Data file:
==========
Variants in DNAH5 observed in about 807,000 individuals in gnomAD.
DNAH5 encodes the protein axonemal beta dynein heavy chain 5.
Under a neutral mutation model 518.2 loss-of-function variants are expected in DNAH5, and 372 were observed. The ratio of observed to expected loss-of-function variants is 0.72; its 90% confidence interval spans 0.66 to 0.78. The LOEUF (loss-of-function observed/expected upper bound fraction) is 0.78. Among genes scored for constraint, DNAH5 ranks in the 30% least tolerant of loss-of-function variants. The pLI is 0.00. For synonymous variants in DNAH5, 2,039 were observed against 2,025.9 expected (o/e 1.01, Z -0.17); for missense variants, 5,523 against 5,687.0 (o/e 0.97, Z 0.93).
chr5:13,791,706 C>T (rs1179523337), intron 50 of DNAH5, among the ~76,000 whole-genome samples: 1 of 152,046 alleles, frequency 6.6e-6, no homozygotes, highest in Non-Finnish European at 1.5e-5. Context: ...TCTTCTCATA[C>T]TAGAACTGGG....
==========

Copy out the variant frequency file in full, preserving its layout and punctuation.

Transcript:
Variants in DNAH5 observed in about 807,000 individuals in gnomAD.
DNAH5 encodes the protein axonemal beta dynein heavy chain 5.
Under a neutral mutation model 518.2 loss-of-function variants are expected in DNAH5, and 372 were observed. The ratio of observed to expected loss-of-function variants is 0.72; its 90% confidence interval spans 0.66 to 0.78. The LOEUF (loss-of-function observed/expected upper bound fraction) is 0.78. Among genes scored for constraint, DNAH5 ranks in the 30% least tolerant of loss-of-function variants. The pLI is 0.00. For synonymous variants in DNAH5, 2,039 were observed against 2,025.9 expected (o/e 1.01, Z -0.17); for missense variants, 5,523 against 5,687.0 (o/e 0.97, Z 0.93).
chr5:13,791,706 C>T (rs1179523337), intron 50 of DNAH5, among the ~76,000 whole-genome samples: 1 of 152,046 alleles, frequency 6.6e-6, no homozygotes, highest in Non-Finnish European at 1.5e-5. Context: ...TCTTCTCATA[C>T]TAGAACTGGG....